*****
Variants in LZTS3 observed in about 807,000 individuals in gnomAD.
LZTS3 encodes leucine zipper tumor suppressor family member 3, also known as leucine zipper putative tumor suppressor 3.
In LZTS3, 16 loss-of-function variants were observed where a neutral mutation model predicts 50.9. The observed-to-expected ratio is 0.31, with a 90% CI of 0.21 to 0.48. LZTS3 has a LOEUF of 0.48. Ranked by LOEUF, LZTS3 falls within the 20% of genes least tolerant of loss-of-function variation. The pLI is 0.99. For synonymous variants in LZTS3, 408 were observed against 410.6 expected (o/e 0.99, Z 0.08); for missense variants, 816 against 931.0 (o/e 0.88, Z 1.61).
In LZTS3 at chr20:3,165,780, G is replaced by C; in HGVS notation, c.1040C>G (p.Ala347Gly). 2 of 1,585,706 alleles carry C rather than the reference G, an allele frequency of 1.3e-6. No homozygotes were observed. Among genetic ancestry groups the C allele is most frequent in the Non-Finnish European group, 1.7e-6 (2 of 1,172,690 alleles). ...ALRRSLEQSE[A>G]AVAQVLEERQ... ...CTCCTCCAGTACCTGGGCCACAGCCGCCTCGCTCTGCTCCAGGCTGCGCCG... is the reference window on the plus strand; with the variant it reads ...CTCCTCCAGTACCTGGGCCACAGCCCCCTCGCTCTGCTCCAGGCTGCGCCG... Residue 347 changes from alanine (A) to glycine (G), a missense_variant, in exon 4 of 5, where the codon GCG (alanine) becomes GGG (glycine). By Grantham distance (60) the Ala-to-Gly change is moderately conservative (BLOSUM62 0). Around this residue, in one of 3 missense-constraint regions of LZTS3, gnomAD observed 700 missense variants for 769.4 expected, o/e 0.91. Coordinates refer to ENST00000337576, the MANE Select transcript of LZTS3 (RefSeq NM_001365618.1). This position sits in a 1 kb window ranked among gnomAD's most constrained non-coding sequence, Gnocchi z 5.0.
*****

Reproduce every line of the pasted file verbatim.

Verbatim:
Variants in LZTS3 observed in about 807,000 individuals in gnomAD.
LZTS3 encodes leucine zipper tumor suppressor family member 3, also known as leucine zipper putative tumor suppressor 3.
In LZTS3, 16 loss-of-function variants were observed where a neutral mutation model predicts 50.9. The observed-to-expected ratio is 0.31, with a 90% CI of 0.21 to 0.48. LZTS3 has a LOEUF of 0.48. Ranked by LOEUF, LZTS3 falls within the 20% of genes least tolerant of loss-of-function variation. The pLI is 0.99. For synonymous variants in LZTS3, 408 were observed against 410.6 expected (o/e 0.99, Z 0.08); for missense variants, 816 against 931.0 (o/e 0.88, Z 1.61).
In LZTS3 at chr20:3,165,780, G is replaced by C; in HGVS notation, c.1040C>G (p.Ala347Gly). 2 of 1,585,706 alleles carry C rather than the reference G, an allele frequency of 1.3e-6. No homozygotes were observed. Among genetic ancestry groups the C allele is most frequent in the Non-Finnish European group, 1.7e-6 (2 of 1,172,690 alleles). ...ALRRSLEQSE[A>G]AVAQVLEERQ... ...CTCCTCCAGTACCTGGGCCACAGCCGCCTCGCTCTGCTCCAGGCTGCGCCG... is the reference window on the plus strand; with the variant it reads ...CTCCTCCAGTACCTGGGCCACAGCCCCCTCGCTCTGCTCCAGGCTGCGCCG... Residue 347 changes from alanine (A) to glycine (G), a missense_variant, in exon 4 of 5, where the codon GCG (alanine) becomes GGG (glycine). By Grantham distance (60) the Ala-to-Gly change is moderately conservative (BLOSUM62 0). Around this residue, in one of 3 missense-constraint regions of LZTS3, gnomAD observed 700 missense variants for 769.4 expected, o/e 0.91. Coordinates refer to ENST00000337576, the MANE Select transcript of LZTS3 (RefSeq NM_001365618.1). This position sits in a 1 kb window ranked among gnomAD's most constrained non-coding sequence, Gnocchi z 5.0.